A Stacked Deck: Inside the 2019 FINRA New Customer Dispute Expungement Process

The House always wins. FINRA has filed rule changes to strip financial advisors of a critical right.

News that the expungement of qualified customer disputes was under fire from the regulators first became known on December 6, 2017; when FINRA published Regulatory Notice 17-42. Since then, the industry has been anxiously waiting for the FINRA Board of Governors to tell the industry precisely what changes will be implemented in the final Rule. On October 3rd the Board of Governors once again offered nothing more than assurances that, 

The Board approved amendments to the Code of Arbitration Procedure to create, among other things, a roster of arbitrators with enhanced training and experience from which a panel would be selected in certain instances to decide an associated person’s request to expunge customer dispute information.”

Where Can I Read the Rule Filing For Myself?

As of the writing of this article, FINRA has yet to file the proposed Rule changes with the Securities Exchange Commission (SEC) electronically. According to the FINRA Rulemaking Policy, the rule filing will be posted on the FINRA website here within two business days of filing with the SEC.

The new “arbitrators with enhanced training” model currently being advanced by the SEC strips financial advisors of their valuable and critical right to choose their own arbitrator.

What are arbitrators with “enhanced training”?

FINRA has provided Advanced Arbitrator Training (“AAT”) for several years. AAT includes Expungement Training which is then noted on each arbitrator’s disclosure report. However, the selection and appointment of these “arbitrators with enhanced training” by the FINRA Neutral List Selection System (“NLSS”) mean that FINRA will now choose the arbitrators rather than the parties. In all other industry, disputes litigated within the FINRA arbitration forum, each side is allowed to preference and strike potential arbitrators from the list provided by FINRA.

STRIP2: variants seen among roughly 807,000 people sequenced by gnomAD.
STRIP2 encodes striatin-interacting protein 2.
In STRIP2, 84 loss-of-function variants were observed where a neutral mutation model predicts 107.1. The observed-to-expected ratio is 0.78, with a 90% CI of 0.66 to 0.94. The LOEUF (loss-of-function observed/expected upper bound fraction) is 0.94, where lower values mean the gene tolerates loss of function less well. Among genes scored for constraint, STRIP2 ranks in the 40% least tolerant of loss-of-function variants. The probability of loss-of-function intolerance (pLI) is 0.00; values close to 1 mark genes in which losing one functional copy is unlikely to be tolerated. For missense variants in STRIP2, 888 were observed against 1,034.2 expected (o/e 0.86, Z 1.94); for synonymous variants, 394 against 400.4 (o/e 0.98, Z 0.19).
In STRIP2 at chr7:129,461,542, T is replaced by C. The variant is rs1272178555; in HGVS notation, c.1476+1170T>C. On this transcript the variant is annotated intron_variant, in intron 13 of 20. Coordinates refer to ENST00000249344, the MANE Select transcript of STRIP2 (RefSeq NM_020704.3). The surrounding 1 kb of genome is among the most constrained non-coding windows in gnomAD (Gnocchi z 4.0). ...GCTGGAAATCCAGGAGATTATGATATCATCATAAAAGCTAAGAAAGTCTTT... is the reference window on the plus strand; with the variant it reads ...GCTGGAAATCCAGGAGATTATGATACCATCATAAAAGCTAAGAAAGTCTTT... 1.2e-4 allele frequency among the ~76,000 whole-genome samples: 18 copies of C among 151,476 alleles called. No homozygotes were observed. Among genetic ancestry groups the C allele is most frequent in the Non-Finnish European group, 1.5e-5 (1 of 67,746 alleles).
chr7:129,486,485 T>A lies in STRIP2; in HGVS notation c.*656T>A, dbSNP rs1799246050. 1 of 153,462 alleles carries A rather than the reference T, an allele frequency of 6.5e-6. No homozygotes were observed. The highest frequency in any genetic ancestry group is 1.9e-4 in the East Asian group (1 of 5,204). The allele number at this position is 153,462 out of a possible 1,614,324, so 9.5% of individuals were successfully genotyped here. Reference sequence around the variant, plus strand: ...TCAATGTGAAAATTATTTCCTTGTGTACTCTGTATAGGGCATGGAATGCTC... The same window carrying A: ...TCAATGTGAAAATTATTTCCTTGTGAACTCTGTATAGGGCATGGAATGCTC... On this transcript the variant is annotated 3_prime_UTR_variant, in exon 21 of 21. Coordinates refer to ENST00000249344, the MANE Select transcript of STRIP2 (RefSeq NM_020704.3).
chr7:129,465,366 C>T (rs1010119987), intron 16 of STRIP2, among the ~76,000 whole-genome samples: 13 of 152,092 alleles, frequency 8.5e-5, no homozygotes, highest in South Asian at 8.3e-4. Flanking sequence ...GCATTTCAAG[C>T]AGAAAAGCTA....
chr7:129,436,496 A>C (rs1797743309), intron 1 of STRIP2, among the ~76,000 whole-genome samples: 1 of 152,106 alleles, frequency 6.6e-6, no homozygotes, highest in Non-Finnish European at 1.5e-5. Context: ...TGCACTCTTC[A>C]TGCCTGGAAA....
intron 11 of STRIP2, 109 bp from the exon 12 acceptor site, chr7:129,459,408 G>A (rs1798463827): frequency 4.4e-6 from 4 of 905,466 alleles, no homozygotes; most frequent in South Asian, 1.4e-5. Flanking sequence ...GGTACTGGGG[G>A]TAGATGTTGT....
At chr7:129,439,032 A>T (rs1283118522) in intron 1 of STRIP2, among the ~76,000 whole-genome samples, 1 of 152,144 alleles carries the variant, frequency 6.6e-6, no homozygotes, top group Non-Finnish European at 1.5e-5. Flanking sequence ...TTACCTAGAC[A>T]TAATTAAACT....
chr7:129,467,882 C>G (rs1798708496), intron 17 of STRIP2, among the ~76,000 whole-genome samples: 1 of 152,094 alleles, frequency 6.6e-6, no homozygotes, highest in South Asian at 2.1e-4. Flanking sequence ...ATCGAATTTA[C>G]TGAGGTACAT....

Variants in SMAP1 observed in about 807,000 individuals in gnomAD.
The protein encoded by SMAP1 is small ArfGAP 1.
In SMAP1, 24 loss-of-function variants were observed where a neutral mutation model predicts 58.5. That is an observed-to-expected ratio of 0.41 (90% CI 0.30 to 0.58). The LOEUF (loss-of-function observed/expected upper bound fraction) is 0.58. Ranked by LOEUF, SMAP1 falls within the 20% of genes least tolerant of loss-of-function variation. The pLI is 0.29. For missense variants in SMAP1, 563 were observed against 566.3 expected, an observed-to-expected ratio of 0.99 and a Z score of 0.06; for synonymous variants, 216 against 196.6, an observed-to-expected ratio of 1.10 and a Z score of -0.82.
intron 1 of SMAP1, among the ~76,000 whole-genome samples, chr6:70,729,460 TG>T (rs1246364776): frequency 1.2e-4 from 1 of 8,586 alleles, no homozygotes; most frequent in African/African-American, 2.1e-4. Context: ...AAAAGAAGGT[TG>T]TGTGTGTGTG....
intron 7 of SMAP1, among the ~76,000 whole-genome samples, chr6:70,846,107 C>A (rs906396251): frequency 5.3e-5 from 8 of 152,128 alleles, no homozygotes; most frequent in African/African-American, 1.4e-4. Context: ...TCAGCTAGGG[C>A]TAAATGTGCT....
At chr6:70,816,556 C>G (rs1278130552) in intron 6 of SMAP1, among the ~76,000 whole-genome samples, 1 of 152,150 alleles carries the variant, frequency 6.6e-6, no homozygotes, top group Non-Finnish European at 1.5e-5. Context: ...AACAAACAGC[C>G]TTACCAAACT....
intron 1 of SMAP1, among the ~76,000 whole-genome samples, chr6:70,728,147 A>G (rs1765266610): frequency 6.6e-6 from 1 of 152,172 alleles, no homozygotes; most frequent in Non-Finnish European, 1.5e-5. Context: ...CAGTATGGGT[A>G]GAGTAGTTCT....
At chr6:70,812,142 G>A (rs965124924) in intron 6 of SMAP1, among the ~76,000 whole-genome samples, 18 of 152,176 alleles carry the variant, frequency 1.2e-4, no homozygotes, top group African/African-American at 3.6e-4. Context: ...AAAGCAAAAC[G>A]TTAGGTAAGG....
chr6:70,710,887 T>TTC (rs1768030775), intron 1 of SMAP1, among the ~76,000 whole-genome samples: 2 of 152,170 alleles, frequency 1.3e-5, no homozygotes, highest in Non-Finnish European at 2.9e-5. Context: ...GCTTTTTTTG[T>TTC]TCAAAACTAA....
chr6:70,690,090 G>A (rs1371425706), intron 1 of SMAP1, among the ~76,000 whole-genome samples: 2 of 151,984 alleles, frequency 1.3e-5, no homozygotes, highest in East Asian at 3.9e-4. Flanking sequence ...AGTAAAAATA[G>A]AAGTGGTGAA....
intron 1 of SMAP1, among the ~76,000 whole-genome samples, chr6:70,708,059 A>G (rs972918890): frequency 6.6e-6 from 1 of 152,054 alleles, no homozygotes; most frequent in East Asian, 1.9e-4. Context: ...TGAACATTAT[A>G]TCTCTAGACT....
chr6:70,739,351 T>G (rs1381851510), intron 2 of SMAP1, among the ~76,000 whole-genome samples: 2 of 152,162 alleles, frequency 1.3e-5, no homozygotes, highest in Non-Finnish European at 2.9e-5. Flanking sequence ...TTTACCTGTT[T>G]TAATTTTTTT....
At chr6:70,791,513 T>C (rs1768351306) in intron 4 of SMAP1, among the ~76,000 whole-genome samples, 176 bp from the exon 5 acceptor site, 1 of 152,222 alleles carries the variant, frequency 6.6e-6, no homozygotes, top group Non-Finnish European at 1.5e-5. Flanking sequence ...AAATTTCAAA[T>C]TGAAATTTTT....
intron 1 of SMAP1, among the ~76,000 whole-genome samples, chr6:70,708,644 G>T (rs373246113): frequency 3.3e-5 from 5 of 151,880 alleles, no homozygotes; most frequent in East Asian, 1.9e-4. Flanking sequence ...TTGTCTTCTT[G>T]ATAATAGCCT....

The new “arbitrators with enhanced training” model currently being advanced by the SEC strips financial advisors of their valuable and critical right to choose their own arbitrator. ​

When Do The Changes Go Into Effect?

​The proposed Rule changes can either go into effect after the SEC publishes the Rule in the Federal Register and opens a 21-day comment period; or, the Rule may be “filed for immediate effectiveness” and the SEC reserves the right to summarily or temporarily suspend the change for a 60-day period. 

Either way, once the SEC approves of the Rule change and places its official announcement in the Federal Register, the changes are permanent for all intents and purposes. ​

Can an Expungement Request Still Be Filed Under the Existing Rules?

Time is seriously running out. Being that an expedited preparation and filing of an expungement claim can still take up to 14 days under the best circumstances, you leave yourself no wiggle room. Choosing to wait until the SEC posts the notice will put you in the rather precarious position of filing an expungement case under a set of rules that are not nearly as favorable as they currently are for the advisor.

Improve your hand.
Contact us by phone at (303) 952-4025 for a free consultation as to the viability of your case. We win nearly 90% of our cases, and we can give you an honest assessment as to what it would take to remove disclosures from your BrokerCheck.

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